Many development teams underestimate the number of web users with disabilities. In the United States, 1 in 4 adults lives with a disability of some kind; worldwide, about 1 billion people have disabilities, and that doesn’t include situational disabilities (such as operating an app on a phone with a broken screen) that affect nearly every user at some point.
In other words, if your app doesn’t have any users with disabilities, you’ve got a problem. You may also have a legal responsibility to make changes: In the landmark case Robles v. Domino’s Pizza, LLC, the plaintiff, who was blind, sued Domino’s for alleged violations of the Americans with Disabilities Act for accessibility barriers on their website and mobile app.
Regardless of your app’s target audience, you can safely assume that some users will have disabilities. Organizations have a legal and ethical responsibility to accommodate these users — and ignoring that responsibility misses an opportunity to reach a broad audience.
Here are a few other myths about mobile accessibility to keep in mind when developing your app. For more guidance, download our free Definitive Mobile Accessibility Checklist.
1. “Mobile accessibility can be implemented at the end of development.”
Developers often think of accessibility as a final step that can be carried out prior to publishing. While accessibility can be implemented late, remediation may be expensive at that stage.
Common accessibility issues may require rewriting large amounts of code. For example, if your app doesn’t have robust keyboard support, adding the feature at the end of development can be a time-consuming task.
Developers should consider alternative input modalities (such as screen readers, eye-tracking systems, and keyboard controls) from the beginning of the project. Likewise, designers will need to think about color contrast ratios and other accessibility concerns when making decisions.
The process is easier — and much less expensive — if accessibility audits are performed regularly during development. In the long term, prioritizing users with disabilities can reduce development costs and open up more of the benefits of accessible design.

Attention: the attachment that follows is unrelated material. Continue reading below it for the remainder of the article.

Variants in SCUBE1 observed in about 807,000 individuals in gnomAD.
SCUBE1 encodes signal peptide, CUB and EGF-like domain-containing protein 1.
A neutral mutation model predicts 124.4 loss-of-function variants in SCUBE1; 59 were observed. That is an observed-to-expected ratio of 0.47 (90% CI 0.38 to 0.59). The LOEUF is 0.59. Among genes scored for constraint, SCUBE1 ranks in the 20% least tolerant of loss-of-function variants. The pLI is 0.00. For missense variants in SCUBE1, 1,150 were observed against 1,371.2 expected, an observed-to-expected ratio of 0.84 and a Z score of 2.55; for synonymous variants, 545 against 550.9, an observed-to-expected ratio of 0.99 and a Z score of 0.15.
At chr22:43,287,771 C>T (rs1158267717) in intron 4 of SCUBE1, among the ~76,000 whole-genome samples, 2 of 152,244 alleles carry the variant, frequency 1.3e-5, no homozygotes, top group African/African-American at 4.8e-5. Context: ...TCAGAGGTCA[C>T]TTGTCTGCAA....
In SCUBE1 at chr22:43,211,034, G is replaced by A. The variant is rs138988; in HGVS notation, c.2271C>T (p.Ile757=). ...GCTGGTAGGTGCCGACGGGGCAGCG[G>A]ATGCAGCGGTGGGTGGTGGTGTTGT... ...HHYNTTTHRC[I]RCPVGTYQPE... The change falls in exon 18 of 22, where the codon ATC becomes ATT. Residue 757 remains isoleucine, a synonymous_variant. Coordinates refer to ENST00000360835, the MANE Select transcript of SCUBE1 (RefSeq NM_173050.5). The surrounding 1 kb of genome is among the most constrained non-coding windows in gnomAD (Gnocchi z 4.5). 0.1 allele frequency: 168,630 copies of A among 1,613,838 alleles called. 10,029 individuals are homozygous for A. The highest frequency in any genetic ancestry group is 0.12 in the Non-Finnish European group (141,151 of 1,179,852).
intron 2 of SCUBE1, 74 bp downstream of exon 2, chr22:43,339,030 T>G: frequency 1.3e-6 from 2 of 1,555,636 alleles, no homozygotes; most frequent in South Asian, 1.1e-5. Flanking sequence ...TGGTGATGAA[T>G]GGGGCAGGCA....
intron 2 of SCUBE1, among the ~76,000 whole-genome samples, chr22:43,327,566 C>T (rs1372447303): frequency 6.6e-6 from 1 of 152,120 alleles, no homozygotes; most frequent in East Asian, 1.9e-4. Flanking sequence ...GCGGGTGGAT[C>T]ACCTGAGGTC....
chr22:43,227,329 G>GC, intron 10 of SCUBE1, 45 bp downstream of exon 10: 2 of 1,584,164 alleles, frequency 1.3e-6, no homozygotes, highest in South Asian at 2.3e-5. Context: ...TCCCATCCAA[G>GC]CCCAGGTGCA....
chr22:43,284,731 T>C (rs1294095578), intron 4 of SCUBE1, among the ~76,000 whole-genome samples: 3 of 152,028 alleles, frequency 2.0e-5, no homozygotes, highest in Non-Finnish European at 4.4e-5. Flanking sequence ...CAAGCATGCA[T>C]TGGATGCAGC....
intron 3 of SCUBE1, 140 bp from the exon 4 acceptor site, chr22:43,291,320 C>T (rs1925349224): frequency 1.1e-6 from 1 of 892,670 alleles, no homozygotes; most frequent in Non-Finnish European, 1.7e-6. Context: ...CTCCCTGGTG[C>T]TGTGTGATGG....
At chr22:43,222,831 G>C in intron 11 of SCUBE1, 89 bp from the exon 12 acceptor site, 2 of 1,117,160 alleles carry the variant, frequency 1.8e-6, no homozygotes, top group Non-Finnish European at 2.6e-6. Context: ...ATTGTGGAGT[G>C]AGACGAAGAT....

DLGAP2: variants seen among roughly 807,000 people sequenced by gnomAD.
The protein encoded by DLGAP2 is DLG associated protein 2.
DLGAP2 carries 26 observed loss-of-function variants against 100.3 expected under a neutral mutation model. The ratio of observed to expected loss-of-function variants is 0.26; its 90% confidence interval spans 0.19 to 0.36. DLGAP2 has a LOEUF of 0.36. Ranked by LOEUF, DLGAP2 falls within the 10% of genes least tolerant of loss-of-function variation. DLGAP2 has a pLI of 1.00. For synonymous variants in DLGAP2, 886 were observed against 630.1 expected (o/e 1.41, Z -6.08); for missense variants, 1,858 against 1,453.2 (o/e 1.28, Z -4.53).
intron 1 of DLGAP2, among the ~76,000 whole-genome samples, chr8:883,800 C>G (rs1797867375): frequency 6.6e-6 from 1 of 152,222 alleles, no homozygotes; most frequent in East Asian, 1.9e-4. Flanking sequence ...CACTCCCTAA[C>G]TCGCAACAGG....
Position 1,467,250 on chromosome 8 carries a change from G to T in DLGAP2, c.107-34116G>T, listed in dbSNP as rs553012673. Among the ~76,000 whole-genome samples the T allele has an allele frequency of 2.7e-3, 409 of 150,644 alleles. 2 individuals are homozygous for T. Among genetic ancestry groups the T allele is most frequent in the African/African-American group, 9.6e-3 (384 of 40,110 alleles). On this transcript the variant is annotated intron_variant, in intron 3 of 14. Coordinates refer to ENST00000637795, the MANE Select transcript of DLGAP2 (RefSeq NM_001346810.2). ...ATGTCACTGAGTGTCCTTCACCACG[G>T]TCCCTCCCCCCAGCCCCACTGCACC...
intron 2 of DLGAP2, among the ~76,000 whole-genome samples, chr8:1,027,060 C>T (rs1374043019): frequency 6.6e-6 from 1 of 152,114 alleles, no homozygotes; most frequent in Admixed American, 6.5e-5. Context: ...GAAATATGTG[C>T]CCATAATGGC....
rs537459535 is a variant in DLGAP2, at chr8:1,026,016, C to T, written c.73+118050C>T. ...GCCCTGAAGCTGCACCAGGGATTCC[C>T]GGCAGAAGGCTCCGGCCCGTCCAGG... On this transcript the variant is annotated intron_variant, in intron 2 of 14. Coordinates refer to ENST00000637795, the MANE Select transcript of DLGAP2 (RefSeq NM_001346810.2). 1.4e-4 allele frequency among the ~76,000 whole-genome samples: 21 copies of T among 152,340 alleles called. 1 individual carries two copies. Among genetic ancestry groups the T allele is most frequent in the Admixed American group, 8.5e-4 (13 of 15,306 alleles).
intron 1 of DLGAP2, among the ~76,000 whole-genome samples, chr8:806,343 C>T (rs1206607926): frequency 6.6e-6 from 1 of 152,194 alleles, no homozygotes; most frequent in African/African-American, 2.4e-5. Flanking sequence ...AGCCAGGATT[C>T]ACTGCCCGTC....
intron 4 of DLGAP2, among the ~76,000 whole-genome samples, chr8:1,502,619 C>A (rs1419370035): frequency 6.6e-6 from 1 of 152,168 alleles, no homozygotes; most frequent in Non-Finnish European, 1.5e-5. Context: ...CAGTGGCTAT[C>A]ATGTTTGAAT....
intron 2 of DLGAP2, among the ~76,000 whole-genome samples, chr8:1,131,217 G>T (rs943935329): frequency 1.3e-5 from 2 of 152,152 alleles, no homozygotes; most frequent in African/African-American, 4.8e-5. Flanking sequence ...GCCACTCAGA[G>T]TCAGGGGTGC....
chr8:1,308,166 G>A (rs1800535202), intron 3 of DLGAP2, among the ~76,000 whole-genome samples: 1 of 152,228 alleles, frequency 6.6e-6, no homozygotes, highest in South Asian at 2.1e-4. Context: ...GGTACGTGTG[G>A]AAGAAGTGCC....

Related: Why Accessibility Should Be A Priority (And How to Start Prioritizing)
2. “Making my app accessible will take too long and cost too much money.”
It’s true that accessibility requires an investment, but it offers an excellent return on that investment. Accessible mobile apps typically have cleaner code, which makes updates easier to implement and roll out.
And since the best practices of accessibility overlap with the best practices of design, accessible mobile apps can retain more users and keep them engaged. Following the principles of accessibility will address dozens of user experience issues that affect real people, regardless of their abilities — everything from orientation-related display issues to poorly implemented forms.
Related: Digital Accessibility Is an Investment, Not a Cost
3. “Prioritizing accessibility will make my app ugly.”
Accessible design doesn’t mean using plain white backgrounds and an oversimplified interface. When accessibility remains a priority throughout the product development cycle, the finished product can be visually impressive.
Most accessibility features aren’t immediately noticeable for users without disabilities. For example, text alternatives for images won’t be displayed for most users, but for people who use assistive technologies, text alternatives serve a vital purpose.
And while accessibility has established rules, the goal isn’t to make your content less aesthetically interesting. The Web Content Accessibility Guidelines (WCAG) is the consensus standard for digital accessibility. While WCAG does have requirements for color contrast ratios and some other visual elements, those requirements aren’t overly restrictive, and they help to make apps usable for a wider variety of users.
Put simply, WCAG doesn’t restrict your content. The guidelines empower developers to make strong decisions that appeal to all users, regardless of their abilities.
Related: Use of Color for Accessibility Explained
4. “I can check whether my mobile app is accessible with automated tools.”
Automated testing can find some accessibility barriers, but tools that rely on artificial intelligence frequently report false positives and false negatives. Moreover, these resources can only provide limited guidance for remediation. For instance, while an automated test might tell you that your app has missing alt text, it can’t determine whether your alt text is clear, concise, and understandable.
That’s true for both web content and mobile app content, but mobile app testing tools are especially limited. Tools need to be appropriate for your development platform, and developers need to understand the core concepts of accessibility when reviewing the output.
The best practice is to use a combination of automated and manual testing. Ideally, human testers will be experienced screen reader users who understand how disabilities affect mobile app behavior.
Related: Should You Test Mobile Apps for Accessibility? Here's What the Stats Say
Learn about the basics of mobile accessibility
Developers should design mobile content for all users, but unfortunately, the industry has a long way to go. Common accessibility barriers like missing image alt text, unlabeled forms, and misused WAI-ARIA markup can render an app unusable for a large portion of your audience.
To prevent these issues from affecting real users, start thinking about accessibility as early as possible. The Bureau of Internet Accessibility offers mobile accessibility audits using WCAG 2.1 Level A/AA guidelines, and our experts can provide prioritized recommendations to help your brand earn — and maintain — WCAG conformance. Learn more about our iOS and Android app testing process here.